It passed through a number of owners, being acquired by the father of the present owner in 1959. The 1935 SJ Speedster was restored in 1962 to its 1937 road configuration in cream with red upholstery. It then won many CCCA, AACA, and A-C-D Club first places. The car was cosmetically restored again in 1984, and has since run the Colorado Grand four times, been shown at Pebble Beach, and appeared at numerous other events.
Aside from a few minor changes to make it more user friendly and reliable on tours, the Mormon Meteor as offered here remains as driven by Ab and Marv Jenkins following its Bonneville record runs. Its history is unchallenged; its originality is exceptional. The last time it was sold, Eisenhower was in the White House, making this a once-in-a-lifetime opportunity to own the greatest Duesenberg ever built.

{analysis}{auto}366{/auto} The Mormon Meteor SJ Speedster sold for $4,445,000 at Gooding & Company's Pebble Beach auction, on August 15, 2004.
This was the highest price paid for any car at auction this year and the highest price ever paid at auction for a Duesenberg. Rick Carey, a veteran of the auction scene, remarked, "I had a ride in this monster before the auction and it is one of the most memorable events of my automotive life. It is strong, it is loud, it is elemental. A big hammer built for a specific purpose." Bidding was spirited, with the price jumping in $200k and $300k increments all the way up to $4 million, when a phone bidder added a final $50,000 to prevail.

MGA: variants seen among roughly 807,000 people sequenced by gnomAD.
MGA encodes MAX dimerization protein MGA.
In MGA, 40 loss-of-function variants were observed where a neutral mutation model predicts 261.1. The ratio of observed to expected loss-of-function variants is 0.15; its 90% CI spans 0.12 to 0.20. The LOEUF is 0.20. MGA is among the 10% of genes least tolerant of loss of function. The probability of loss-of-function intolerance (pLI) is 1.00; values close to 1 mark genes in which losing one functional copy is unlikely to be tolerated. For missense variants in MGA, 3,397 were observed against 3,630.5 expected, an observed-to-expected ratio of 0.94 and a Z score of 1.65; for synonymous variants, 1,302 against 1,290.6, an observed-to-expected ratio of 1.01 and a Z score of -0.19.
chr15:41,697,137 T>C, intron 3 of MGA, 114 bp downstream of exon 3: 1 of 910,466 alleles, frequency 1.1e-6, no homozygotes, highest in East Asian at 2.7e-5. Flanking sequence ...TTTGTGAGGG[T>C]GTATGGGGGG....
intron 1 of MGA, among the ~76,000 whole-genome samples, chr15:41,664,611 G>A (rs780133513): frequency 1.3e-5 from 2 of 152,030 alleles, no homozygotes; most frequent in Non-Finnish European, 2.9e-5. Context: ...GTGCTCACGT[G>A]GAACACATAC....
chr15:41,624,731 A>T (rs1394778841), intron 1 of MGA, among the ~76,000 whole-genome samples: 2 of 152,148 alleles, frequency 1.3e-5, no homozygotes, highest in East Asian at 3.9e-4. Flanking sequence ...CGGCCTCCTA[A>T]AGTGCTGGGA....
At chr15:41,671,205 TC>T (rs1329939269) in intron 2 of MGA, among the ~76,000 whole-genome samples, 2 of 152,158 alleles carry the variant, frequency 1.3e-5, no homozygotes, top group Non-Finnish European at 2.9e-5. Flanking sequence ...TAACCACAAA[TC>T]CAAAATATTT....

There can be no dispute that the Mormon Meteor is a significant car, sold for a huge price. What is less clear is what to make of the sale. Prior to the auction, guesses as to its eventual selling price were rampant. Though Gooding did not publish a pre-sale estimate, many Classic Car Club members opined that the Mormon Meteor would bring from $6 to $9 million. None that I talked to ventured estimates lower than $5 million. (However, other sources told me they would be surprised if the car topped $3 million. But then, that's what the auction world is all about, isn't it? Establishing values where none have previously existed.-ED.)
However, no matter how you look at it, the price was a staggering achievement both for a first-time-out auction company and for a Duesenberg. But our question persists: Why $4.5m and not $3m or $9m?
Three factors tend to determine the value of the "Old Masters" cars that trade for over a million dollars. Two would seem to be negatives for this car, while one could be highly positive-provided the car was not bought by a museum, as has been speculated.